Why do rail companies make us feel like cheats?

We understand that railway companies are commercial enterprises and that they need to make sure people travelling on the trains are paying for that right.  But why do they have to make us all feel like potential fare dodgers?  Ticket barriers everywhere inconvenience us (more queues, tickets that then don't work, etc); staff on trains are now "Revenue Protection Officers" there to police us and watch us.


Perhaps the worst element being the arcane and invisible rules around ticketing.  There are plenty of articles on on people being given the wrong advice by staff and then fined once on the train or falling foul of the "rules" in any number of ways.  Mostly innocent mistakes.

It's not a passenger or customer service orientated approach.

So it was interesting to see on the BBC website, that we are not alone.  Rule changes introduced in Switzerland have produced a similar outcome and are resulting in an increasing passenger dissatisfaction with the service.

With railway companies and governments increasingly wanting to encourage modal shift to rail travel, isn't it about time this major obstacle in customer service was removed?

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DESIGN AND THE HUMAN FACTOR: Why do rail companies make us feel like cheats?

Wednesday, 6 February 2013

Why do rail companies make us feel like cheats?

We understand that railway companies are commercial enterprises and that they need to make sure people travelling on the trains are paying for that right.  But why do they have to make us all feel like potential fare dodgers?  Ticket barriers everywhere inconvenience us (more queues, tickets that then don't work, etc); staff on trains are now "Revenue Protection Officers" there to police us and watch us.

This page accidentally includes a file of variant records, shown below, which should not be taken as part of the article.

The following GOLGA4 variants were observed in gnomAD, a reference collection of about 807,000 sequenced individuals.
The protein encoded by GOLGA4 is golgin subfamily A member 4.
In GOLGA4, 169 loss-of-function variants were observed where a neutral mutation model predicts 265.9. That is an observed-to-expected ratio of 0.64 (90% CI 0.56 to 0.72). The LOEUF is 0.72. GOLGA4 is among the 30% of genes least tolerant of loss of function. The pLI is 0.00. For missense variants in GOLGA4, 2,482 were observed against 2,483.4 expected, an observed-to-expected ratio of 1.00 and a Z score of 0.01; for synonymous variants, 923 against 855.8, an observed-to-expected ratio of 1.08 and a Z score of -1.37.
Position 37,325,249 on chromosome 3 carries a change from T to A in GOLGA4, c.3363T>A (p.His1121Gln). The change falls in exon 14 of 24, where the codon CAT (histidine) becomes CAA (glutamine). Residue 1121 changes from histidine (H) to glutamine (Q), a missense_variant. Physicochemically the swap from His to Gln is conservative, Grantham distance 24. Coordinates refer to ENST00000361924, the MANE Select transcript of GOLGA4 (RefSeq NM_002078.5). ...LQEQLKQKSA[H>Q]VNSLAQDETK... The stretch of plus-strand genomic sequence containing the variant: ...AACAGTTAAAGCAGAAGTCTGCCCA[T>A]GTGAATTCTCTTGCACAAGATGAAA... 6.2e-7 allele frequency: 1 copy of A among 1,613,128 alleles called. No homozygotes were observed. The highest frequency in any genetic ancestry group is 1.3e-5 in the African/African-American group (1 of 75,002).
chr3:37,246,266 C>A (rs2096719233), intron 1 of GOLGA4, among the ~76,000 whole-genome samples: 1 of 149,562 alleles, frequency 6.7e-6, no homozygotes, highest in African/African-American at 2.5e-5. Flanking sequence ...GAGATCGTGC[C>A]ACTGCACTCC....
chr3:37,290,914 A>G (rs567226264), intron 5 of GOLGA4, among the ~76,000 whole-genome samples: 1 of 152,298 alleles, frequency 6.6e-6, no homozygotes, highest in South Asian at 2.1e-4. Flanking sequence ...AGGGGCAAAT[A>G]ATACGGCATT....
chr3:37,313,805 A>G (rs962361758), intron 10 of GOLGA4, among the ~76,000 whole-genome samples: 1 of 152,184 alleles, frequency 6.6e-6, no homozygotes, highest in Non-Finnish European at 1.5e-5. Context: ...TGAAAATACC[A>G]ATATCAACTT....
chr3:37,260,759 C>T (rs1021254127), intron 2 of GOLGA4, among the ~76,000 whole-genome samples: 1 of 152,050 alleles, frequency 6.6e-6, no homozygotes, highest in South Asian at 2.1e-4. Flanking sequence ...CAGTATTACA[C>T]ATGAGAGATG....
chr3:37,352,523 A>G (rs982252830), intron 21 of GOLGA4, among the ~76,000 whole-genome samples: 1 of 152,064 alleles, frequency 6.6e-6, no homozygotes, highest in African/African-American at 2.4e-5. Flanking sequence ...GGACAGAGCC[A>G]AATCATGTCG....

Perhaps the worst element being the arcane and invisible rules around ticketing.  There are plenty of articles on on people being given the wrong advice by staff and then fined once on the train or falling foul of the "rules" in any number of ways.  Mostly innocent mistakes.

It's not a passenger or customer service orientated approach.

So it was interesting to see on the BBC website, that we are not alone.  Rule changes introduced in Switzerland have produced a similar outcome and are resulting in an increasing passenger dissatisfaction with the service.

With railway companies and governments increasingly wanting to encourage modal shift to rail travel, isn't it about time this major obstacle in customer service was removed?

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